Most studies follow metabolic changes over 1- 2 years, with few extending five years. The 25 year period studied by the Finnish researchers suggest that metabolic changes may last much longer and possibly indefinitely. Obviously, more research is needed to confirm this, but the implications are important. Rather than seeking diet solutions for ourselves and our companions, we should look at weight management as a complete lifestyle change in eating, feeding, and exercise habits.

Recent statistics indicate the average daily calorie intake in the U.S. across all age groups is 3,770. That is an astounding amount of calories. This is 770-1,000 more calories than needed for active men and women, and far more than necessary for children and less active individuals.

Our animal companions are also enjoying this calorie largess. This degree of overeating and overfeeding by us and our companions certainly warrants an analysis of lifestyle rather than the newest diet craze.

Selected from petMD.com

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Vomiting or Regurgitation ~ An Important Distinction

Published July 16, 2012 in Dr Peto Says, Monthly Care Tips, What's New |
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Vomiting is a symptom that commonly affects both cats and dogs.

Even though vomiting is very common, one of the first things that a veterinarian has to do when faced with a “vomiting” animal companion is determine whether or not that is truly what is occurring.

Vomiting can easily be confused with regurgitation, and making the distinction between vomiting and regurgitation is crucial. Not only are their causes very different, but so are the treatments that are most likely to help.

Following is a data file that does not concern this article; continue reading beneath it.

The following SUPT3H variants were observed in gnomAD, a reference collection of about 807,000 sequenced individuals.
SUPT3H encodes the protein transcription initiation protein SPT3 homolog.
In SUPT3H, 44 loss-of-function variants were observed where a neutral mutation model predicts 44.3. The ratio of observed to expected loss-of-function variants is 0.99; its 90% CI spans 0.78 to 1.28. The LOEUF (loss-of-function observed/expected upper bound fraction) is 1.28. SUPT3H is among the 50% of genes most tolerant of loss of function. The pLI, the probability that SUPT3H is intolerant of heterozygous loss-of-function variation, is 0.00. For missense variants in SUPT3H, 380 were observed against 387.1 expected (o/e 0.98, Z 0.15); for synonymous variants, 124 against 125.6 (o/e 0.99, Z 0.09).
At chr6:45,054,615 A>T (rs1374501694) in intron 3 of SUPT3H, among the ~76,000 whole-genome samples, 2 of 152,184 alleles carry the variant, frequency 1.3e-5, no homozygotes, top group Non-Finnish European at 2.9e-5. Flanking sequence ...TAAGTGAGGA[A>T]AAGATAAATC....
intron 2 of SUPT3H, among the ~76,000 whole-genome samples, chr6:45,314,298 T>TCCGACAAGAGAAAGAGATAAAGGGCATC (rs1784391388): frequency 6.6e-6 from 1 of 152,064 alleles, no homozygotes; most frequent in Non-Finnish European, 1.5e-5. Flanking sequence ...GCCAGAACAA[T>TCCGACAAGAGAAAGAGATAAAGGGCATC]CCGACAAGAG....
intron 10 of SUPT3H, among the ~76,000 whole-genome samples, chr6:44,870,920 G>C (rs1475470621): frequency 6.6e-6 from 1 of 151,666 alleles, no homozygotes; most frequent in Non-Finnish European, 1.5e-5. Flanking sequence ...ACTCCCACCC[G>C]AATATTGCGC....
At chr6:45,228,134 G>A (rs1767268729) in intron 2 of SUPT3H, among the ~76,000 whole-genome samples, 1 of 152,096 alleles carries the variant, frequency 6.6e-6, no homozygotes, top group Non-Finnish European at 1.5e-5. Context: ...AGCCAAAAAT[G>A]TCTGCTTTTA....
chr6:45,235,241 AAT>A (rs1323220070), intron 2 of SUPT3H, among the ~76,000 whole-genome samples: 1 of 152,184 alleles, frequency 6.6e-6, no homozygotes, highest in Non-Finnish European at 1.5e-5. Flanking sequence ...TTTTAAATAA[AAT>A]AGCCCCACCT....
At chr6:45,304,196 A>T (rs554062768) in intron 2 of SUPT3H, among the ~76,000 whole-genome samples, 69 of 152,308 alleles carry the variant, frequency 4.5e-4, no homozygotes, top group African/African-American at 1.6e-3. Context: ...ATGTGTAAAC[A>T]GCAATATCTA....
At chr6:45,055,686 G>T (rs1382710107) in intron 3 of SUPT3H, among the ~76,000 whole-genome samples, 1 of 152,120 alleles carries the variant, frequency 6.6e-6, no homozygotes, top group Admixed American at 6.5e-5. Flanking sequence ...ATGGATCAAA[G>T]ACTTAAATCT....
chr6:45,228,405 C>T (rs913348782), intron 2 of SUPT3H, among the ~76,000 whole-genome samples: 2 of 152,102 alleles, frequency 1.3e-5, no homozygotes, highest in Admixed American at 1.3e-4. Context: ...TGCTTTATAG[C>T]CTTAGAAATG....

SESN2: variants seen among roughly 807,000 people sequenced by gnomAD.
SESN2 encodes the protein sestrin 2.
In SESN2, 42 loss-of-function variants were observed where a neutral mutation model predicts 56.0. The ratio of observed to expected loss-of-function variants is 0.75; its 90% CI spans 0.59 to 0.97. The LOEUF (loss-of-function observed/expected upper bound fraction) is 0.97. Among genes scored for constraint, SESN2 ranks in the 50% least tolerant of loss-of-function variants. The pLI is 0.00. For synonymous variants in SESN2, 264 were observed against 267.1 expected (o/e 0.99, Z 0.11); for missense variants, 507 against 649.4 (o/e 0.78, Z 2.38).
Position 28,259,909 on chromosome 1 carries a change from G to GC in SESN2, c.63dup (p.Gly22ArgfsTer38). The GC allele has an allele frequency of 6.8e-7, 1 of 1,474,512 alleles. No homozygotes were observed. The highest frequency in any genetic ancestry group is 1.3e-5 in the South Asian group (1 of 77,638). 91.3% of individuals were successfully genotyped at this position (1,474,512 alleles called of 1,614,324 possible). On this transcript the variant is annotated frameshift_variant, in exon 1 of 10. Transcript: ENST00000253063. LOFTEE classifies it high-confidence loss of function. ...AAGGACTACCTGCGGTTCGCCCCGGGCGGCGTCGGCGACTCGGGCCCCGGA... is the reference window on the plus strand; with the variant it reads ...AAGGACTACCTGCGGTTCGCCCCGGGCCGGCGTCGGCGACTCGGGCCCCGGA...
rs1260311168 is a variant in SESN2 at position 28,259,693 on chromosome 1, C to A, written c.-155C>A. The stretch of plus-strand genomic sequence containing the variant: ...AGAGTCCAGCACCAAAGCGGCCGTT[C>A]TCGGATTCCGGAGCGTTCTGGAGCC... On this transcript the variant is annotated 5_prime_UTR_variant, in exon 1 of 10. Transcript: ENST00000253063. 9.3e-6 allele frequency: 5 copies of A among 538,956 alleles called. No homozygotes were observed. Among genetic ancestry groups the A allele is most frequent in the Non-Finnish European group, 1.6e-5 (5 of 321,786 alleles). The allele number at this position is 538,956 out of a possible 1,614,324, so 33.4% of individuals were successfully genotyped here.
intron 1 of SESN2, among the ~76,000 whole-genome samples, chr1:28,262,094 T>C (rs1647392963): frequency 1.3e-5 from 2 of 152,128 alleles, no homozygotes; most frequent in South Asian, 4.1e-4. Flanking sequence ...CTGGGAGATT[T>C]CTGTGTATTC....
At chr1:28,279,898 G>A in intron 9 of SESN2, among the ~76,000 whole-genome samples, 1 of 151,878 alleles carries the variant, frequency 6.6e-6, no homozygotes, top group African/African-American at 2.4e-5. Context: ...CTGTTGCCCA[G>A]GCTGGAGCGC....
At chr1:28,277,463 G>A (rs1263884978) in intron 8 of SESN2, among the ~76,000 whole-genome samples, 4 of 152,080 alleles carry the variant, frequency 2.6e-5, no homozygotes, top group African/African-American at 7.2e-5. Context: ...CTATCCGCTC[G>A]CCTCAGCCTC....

Of course, it is ultimately the veterinarian’s job to determine whether an animal companion is vomiting or regurgitating, but it is very helpful if fur parents know what distinguishes the two conditions so they can accurately describe what they are seeing at home.

Vomiting is an active process. It involves contractions of the abdominal wall (i.e., retching) prior to the actual event and the sensation of nausea, which is often associated with excess salivation, licking of the lips, and drooling.

Regurgitation, on the other hand, is passive and may occur just after an animal companion changes position (e.g., lowers his head).

Where the material comes from is also important. Vomitus originates in the stomach and sometimes the first part of the small intestine. If you see bile, a yellow or orange digestive fluid that is produced by the liver and delivered to the small intestine, you know your companion is vomiting, but an absence of bile does not eliminate vomiting as a possibility.

Regurgitated material travels backwards from either the esophagus or pharynx into the mouth or nose. Regurgitus sometimes exits the body in the shape of a tube because of the time it spends in the esophagus and typically contains food, saliva, and some mucus but no bile.

Not to confuse matters, but another symptom that is sometimes called “vomiting” by owners is expectoration. If your animal companion coughs a few (or more) times and then gags up a glob of mucus and associated expectorus, he may well be expectorating rather than vomiting or regurgitating.

If you get the opportunity, take a video of your animal companion during one of his “episodes” before your appointment and bring it with you. That would greatly assist your veterinarian reached a definitive diagnosis faster than you expect.

Selected from petMd.com